Few people could have imagined, though we probably should’ve, how far this would go. It began with a few news stories emerging from the epicentre, progressed gradually to where we endlessly tracked the first few European cases. And finally, to now, where we can barely keep track of new cases, people have stopped reading the news, and supermarket shelves are barren. The economic effect is something to write home about, too. Just recently, the Bank of England cut interest rates to 0.1%; it will also buy £200bn UK financial assets in an attempt to stabilise markets. Both developments were historic.
To this end, on March 17th, the UK Chancellor announced a £330bn plan, consisting of grants and loans, to support these businesses as they go through the summer. He further assured the public that there would be special help for the hospitality sector, including aid to airlines and airports. ‘The coronavirus pandemic is a public health emergency,’ he said, ‘but it is also an economic emergency. We have never, in peacetime, faced an economic fight like this one.’ The PM echoed this sentiment: ‘We must act like any wartime government and do whatever it takes to support our economy.’
For many of us, the term ‘wartime’ comes from history books and stays there, having lived a lifetime in the west, mostly undisturbed. For an entire generation, 2008 is a distant, fearful memory we hoped would not repeat to the same extent; and yet, here we are. The economy is suffering from many different angles – shops, restaurants, and most other high-street retailers, which benefit from foot traffic, will be affected severely as social distancing measures come into place. Small suppliers will be told demand will pause for a few months. Airlines and airports will feel a gut punch from lockdown around the world, as will other transport greats. This plan, though, which follows a proposed £12bn in aid which many other government officials called insufficient, gives us cause to be optimistic.
‘But we are well prepared,’ Rishi Sunak said. ‘We will get through this.’ ‘This enemy can be deadly,’ the PM continued, ‘but it is also beatable.’ It’s phrasing we hear again when the Chancellor doesn’t limit the plan to the funding already proposed, but rather suggests it will increase depending on need – he assures the government will do ‘whatever it takes.’ The speech, and the overall attitude following new developments, is perhaps reminiscent of Mario Draghi’s – then President of the European Central Bank – speech in 2012 on saving the Euro: ‘[…] the ECB is ready to do whatever it takes to preserve the euro. And believe me, it will be enough.’ It’s this confidence that businesses themselves must take on in this metaphorical wartime, to lead with it no matter what comes in the next few months.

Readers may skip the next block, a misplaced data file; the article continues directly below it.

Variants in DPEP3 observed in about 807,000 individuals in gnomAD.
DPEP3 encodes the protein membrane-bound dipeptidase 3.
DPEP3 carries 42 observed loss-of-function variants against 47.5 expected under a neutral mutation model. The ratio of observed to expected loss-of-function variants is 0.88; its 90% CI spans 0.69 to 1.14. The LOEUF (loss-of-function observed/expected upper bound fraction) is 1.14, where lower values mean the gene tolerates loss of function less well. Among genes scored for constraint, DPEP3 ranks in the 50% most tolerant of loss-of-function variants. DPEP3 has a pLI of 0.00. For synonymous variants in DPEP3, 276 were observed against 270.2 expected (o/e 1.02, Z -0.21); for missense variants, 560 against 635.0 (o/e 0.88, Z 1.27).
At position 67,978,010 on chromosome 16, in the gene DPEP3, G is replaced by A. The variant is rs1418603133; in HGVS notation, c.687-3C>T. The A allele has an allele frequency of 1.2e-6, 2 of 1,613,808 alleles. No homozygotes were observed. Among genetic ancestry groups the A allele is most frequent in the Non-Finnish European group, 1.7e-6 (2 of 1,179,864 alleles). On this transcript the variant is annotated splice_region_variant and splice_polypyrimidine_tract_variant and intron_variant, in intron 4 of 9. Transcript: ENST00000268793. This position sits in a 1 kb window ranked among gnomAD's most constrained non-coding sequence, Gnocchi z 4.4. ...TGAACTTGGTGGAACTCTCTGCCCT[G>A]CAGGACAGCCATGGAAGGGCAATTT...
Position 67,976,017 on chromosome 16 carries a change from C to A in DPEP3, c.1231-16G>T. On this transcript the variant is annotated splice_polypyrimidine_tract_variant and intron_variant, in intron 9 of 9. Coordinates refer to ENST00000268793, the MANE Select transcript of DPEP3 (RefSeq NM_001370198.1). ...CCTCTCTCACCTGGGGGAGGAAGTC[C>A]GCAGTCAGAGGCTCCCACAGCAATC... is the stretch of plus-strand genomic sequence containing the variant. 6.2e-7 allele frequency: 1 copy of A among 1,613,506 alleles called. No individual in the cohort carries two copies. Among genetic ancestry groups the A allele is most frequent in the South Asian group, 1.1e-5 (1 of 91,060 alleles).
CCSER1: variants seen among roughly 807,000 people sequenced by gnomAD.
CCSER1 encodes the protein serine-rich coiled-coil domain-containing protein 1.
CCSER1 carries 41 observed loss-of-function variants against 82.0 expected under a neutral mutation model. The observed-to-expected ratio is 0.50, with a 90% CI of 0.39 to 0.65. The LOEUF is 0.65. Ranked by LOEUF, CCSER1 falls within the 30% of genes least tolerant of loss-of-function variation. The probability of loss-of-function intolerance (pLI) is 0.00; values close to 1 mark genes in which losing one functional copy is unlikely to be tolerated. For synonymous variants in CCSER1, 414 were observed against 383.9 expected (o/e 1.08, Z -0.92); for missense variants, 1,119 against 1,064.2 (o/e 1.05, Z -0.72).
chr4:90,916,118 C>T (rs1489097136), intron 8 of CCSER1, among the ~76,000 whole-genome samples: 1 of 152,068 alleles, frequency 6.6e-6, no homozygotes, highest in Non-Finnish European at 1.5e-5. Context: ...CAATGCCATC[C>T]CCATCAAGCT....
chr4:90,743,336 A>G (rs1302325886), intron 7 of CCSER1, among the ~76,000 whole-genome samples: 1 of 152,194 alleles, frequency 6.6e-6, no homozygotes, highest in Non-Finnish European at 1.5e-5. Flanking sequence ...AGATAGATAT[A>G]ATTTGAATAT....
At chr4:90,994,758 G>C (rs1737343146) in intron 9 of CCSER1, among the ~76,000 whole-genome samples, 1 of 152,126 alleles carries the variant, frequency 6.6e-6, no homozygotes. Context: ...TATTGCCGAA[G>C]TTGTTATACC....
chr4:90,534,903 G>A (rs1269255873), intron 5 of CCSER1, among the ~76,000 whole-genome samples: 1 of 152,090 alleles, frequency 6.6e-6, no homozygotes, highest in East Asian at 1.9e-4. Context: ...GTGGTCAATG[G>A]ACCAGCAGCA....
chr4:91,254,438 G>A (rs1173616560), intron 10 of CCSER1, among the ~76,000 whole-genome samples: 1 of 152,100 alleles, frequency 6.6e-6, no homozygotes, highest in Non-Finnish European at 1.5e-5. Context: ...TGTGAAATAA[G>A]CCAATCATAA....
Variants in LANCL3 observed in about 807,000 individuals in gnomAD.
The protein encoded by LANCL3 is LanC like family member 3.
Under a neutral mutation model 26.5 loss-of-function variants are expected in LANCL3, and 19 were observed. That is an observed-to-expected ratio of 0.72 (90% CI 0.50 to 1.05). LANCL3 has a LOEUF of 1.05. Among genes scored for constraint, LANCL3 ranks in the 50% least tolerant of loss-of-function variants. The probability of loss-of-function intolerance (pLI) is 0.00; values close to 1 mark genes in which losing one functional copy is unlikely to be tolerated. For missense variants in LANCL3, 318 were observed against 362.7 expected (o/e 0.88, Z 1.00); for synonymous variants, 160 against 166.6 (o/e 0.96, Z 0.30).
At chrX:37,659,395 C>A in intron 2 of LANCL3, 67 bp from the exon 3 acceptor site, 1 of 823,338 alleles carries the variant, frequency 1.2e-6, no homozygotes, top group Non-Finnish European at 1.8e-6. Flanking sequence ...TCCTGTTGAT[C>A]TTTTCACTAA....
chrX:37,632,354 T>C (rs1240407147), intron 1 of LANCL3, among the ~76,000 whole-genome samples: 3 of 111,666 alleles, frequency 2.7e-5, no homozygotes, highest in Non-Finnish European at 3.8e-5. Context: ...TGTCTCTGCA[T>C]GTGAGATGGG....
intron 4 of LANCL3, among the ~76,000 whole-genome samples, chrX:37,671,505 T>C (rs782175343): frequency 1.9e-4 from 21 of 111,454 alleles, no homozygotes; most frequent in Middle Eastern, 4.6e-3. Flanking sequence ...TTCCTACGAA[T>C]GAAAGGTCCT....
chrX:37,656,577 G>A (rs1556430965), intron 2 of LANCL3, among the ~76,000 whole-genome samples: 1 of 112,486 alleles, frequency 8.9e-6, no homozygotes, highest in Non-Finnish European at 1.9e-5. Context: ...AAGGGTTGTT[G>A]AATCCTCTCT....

At the time of writing, WHO is about to hold a press conference without an audience on various governments’ response to the pandemic and official advice. The situation seems to be changing faster than we can report on it; but the sentiment emerging from all the recent press is useful to take on board – whatever it takes.
More people than ever are working from home and making a real effort to stay in unless absolutely necessary, businesses have moved their entire operations remotely, and there is now a sizeable plan to aid struggling firms through the crisis peak. Charitable foundations are working harder than ever, especially for children who will be out of school for a while, and people are coming together in profound appreciation for front-line staff. All these things enable us to do the best we can, rather than hang on for dear life for the summer months.
This is the way we get through, though that might not be as concrete a situation as we envision it – doing whatever it takes for our neighbours, friends, acquaintances, and business partners, so that the foundations of the lives and companies we’ve built throughout the years are still here post-wartime. We’ll come out of quarantine, whenever it’s safe, to rebuild, breathing cleaner air than ever before.
by Marina Hercka